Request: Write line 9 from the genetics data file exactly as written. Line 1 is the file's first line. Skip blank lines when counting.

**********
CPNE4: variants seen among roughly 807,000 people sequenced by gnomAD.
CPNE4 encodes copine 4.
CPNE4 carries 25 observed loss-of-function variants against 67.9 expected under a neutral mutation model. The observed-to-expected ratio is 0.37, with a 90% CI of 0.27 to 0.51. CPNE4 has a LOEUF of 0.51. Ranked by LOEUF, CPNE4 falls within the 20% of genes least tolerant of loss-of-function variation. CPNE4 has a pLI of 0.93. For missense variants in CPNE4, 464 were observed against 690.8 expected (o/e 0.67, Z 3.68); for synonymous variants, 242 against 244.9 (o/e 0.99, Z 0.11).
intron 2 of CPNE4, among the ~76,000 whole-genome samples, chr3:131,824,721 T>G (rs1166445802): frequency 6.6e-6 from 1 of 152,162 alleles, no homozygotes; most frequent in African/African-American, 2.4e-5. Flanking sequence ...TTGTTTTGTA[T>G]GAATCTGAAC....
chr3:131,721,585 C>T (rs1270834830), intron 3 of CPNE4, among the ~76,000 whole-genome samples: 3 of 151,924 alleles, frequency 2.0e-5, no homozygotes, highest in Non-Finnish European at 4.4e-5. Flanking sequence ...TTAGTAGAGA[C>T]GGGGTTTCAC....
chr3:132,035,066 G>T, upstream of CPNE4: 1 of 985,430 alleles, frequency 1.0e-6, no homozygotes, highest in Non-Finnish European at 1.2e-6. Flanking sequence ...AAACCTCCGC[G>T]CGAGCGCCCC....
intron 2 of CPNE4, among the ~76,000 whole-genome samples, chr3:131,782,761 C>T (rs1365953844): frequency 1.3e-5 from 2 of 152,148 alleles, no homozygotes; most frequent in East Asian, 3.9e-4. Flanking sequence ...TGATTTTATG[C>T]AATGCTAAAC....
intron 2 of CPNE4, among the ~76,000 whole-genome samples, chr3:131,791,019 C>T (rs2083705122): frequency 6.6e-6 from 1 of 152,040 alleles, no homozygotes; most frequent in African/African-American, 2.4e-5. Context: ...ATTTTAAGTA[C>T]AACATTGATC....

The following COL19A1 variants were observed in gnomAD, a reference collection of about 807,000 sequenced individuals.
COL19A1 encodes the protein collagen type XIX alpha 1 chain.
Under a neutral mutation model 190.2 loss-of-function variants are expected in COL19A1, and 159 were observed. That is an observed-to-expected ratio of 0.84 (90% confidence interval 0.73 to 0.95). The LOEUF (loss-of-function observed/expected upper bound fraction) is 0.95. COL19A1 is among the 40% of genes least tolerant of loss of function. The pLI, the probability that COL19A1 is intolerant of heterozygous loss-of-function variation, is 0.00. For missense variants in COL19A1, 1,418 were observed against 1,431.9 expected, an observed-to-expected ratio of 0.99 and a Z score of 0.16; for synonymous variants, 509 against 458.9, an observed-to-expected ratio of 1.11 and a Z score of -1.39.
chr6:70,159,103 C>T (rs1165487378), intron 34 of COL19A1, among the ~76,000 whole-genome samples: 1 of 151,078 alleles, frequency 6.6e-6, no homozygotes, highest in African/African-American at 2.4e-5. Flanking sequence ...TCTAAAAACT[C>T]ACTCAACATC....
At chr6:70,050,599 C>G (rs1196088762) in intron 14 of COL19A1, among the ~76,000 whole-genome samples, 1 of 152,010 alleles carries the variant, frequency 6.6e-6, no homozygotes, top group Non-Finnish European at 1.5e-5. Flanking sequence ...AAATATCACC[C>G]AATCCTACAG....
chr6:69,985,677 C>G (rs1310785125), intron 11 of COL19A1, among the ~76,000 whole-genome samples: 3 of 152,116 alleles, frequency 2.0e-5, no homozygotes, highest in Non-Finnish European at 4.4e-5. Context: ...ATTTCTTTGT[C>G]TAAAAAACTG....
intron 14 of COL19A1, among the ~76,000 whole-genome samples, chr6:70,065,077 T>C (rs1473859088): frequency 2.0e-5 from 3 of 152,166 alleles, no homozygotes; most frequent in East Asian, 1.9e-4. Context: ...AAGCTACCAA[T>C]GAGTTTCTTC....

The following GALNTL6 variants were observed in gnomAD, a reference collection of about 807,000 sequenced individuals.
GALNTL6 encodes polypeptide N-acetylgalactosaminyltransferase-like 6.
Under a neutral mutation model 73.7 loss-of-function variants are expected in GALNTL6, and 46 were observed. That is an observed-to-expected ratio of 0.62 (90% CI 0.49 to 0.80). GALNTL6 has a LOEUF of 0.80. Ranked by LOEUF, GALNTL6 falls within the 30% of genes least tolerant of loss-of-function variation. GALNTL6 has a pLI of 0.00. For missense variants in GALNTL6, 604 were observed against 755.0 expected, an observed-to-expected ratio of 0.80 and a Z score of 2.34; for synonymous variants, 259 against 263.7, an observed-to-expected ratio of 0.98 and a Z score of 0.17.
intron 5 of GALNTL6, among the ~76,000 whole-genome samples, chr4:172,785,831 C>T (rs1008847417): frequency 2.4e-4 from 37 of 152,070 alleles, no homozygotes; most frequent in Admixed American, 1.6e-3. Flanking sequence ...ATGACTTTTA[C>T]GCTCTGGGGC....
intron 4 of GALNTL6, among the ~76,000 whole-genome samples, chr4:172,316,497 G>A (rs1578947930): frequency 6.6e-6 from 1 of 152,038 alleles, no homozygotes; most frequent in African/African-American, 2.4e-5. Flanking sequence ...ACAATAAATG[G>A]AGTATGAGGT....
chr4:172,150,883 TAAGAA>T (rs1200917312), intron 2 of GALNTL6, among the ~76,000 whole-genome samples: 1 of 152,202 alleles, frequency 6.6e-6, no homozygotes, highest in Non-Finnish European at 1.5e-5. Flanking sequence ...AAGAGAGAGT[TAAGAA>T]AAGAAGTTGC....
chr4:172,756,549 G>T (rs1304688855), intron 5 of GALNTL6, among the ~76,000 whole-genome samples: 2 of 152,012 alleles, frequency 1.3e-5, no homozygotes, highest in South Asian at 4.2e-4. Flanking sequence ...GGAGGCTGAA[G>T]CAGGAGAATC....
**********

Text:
The following COL19A1 variants were observed in gnomAD, a reference collection of about 807,000 sequenced individuals.